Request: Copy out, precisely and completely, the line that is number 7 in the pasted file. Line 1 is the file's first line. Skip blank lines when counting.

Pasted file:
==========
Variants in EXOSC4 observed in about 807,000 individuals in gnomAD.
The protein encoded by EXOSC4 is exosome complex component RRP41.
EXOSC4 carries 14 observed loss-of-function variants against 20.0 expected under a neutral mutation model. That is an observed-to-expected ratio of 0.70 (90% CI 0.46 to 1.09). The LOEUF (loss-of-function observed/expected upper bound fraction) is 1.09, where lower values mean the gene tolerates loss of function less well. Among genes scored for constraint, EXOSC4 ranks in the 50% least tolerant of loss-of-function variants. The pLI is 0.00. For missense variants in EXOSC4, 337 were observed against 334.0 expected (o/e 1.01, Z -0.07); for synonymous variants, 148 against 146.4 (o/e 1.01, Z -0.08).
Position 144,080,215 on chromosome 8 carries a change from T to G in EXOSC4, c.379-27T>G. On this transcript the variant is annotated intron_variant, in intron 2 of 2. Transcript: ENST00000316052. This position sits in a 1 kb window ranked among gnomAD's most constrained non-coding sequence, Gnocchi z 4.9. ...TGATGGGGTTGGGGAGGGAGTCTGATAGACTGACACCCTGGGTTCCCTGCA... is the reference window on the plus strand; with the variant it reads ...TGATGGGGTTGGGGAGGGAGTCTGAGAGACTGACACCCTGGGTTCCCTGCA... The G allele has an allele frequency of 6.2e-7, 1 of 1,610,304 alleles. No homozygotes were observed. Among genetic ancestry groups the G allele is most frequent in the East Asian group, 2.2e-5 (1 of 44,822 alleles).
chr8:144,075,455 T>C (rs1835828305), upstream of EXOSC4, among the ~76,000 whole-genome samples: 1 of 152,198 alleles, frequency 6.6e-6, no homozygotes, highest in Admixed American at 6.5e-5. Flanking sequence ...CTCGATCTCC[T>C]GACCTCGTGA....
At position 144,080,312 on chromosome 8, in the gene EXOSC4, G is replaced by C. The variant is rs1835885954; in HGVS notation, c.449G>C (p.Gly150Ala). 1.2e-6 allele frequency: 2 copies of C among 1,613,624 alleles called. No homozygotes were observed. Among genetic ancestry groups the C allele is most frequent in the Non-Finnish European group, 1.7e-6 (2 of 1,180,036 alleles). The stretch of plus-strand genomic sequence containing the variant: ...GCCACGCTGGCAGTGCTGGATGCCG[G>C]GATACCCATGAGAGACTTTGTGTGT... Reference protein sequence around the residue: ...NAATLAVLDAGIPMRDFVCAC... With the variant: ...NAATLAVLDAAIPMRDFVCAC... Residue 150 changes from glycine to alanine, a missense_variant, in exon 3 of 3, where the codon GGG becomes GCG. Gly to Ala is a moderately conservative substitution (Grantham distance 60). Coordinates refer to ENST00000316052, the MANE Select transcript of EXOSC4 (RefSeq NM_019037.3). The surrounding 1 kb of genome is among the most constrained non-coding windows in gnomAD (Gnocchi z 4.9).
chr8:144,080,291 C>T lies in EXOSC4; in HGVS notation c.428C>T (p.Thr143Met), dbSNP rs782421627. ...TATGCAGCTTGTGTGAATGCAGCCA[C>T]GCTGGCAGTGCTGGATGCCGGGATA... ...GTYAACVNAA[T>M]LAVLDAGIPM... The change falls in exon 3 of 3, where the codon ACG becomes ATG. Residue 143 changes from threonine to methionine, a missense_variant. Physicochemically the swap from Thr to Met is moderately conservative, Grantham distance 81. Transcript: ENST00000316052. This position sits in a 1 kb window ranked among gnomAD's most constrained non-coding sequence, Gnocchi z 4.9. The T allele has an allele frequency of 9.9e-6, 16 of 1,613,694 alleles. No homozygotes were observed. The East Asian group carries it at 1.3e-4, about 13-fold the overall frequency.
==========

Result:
chr8:144,080,291 C>T lies in EXOSC4; in HGVS notation c.428C>T (p.Thr143Met), dbSNP rs782421627. ...TATGCAGCTTGTGTGAATGCAGCCA[C>T]GCTGGCAGTGCTGGATGCCGGGATA... ...GTYAACVNAA[T>M]LAVLDAGIPM... The change falls in exon 3 of 3, where the codon ACG becomes ATG. Residue 143 changes from threonine to methionine, a missense_variant. Physicochemically the swap from Thr to Met is moderately conservative, Grantham distance 81. Transcript: ENST00000316052. This position sits in a 1 kb window ranked among gnomAD's most constrained non-coding sequence, Gnocchi z 4.9. The T allele has an allele frequency of 9.9e-6, 16 of 1,613,694 alleles. No homozygotes were observed. The East Asian group carries it at 1.3e-4, about 13-fold the overall frequency.